Grandchildren of World War II Vets Continue to Honor Military Ties in Personal Way

An overwhelming sense of national pride … that familiar lump in your throat … even unexpected tears …

Anyone who has been to Charlotte Motor Speedway on Memorial Day Weekend knows how emotional it is to witness the solemn, yet beautiful, pageantry of the military pre-race ceremonies.

Count FOX Sports’ Shannon Spake and Jeff Hammond among those profoundly moved by the sight of 5,000 active service members at the track. Both embrace personal emotions during those moments, and consider themselves fortunate their family members returned home from service, while America pauses to pay tribute to those who have fallen.

To the Coca-Cola 600 (live on FOX on Sunday, May 29 at 6:00 PM ET), Spake brings the perspective of a childhood lived with a military family. Hers includes a World War II Army veteran-grandfather who earned a Silver and Bronze Star (and was among the Army men that secured the area around the USS Missouri for the Japanese surrender to General MacArthur); a father who flew F-4 fighter jets and served during the Vietnam War; and a mother who was a naval cadet. Hammond grew up the son and grandson of Navy men and went on to spend much of his adult life honoring the military in multiple trips overseas to visit U.S. troops.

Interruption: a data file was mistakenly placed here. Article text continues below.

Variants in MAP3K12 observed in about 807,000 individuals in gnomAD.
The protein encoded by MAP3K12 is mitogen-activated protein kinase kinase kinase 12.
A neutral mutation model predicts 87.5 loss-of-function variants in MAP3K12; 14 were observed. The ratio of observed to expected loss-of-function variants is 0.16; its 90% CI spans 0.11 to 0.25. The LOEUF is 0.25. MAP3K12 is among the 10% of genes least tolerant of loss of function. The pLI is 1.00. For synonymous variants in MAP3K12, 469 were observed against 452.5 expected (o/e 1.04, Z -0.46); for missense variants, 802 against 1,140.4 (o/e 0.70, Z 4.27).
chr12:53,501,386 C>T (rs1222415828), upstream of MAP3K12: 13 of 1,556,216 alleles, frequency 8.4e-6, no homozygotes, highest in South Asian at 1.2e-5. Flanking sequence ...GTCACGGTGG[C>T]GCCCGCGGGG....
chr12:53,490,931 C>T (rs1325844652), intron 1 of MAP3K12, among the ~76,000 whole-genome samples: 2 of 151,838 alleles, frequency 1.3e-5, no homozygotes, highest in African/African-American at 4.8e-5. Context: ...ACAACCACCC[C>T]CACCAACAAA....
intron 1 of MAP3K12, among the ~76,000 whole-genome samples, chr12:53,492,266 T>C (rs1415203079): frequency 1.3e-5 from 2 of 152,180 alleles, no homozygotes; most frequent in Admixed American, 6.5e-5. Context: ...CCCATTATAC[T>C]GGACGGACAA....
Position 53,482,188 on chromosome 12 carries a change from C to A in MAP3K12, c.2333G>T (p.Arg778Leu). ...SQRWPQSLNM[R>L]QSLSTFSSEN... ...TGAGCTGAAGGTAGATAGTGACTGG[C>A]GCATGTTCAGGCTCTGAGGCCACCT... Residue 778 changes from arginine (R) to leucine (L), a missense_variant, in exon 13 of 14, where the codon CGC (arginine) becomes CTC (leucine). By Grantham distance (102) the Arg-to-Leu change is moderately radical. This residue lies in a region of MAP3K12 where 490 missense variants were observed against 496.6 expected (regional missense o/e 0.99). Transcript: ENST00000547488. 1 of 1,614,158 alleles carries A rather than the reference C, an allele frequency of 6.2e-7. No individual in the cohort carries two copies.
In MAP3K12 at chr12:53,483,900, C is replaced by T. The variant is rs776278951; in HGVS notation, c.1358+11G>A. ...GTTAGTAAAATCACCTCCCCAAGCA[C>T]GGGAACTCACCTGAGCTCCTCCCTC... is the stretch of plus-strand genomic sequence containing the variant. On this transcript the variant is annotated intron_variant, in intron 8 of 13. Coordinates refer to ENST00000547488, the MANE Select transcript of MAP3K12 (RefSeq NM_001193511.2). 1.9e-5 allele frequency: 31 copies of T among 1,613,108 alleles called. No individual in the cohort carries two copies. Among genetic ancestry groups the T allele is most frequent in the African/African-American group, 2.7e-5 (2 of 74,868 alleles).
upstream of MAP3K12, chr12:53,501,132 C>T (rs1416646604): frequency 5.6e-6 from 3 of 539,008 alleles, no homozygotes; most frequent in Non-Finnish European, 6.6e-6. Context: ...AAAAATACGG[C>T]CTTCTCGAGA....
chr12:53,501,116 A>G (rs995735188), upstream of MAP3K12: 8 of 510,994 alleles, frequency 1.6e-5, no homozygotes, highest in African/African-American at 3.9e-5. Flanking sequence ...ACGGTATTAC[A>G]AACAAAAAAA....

“It’s incredibly moving to see the soldiers at Charlotte Motor Speedway enter our world for the weekend,” Spake said. “I am enormously touched each time because I know how much my grandfather, father and mother sacrificed for our country. My grandfather, Army Corporal Don Speacht, played a large role in major World War II battles, and he saw many of his friends fall. He is 92 and still has nightmares about the war. For me, the pageantry and military ceremonies this weekend are beautiful and moving because I see the military from a different set of eyes, having lived it through their experiences.”

Hammond, a former two-time championship crew chief and current FOX NASCAR analyst, also has a different perspective on the armed services because of his father and grandfather’s service. His grandfather was a lieutenant commander on a battleship in World War II, while his father served in the Navy and Air Force.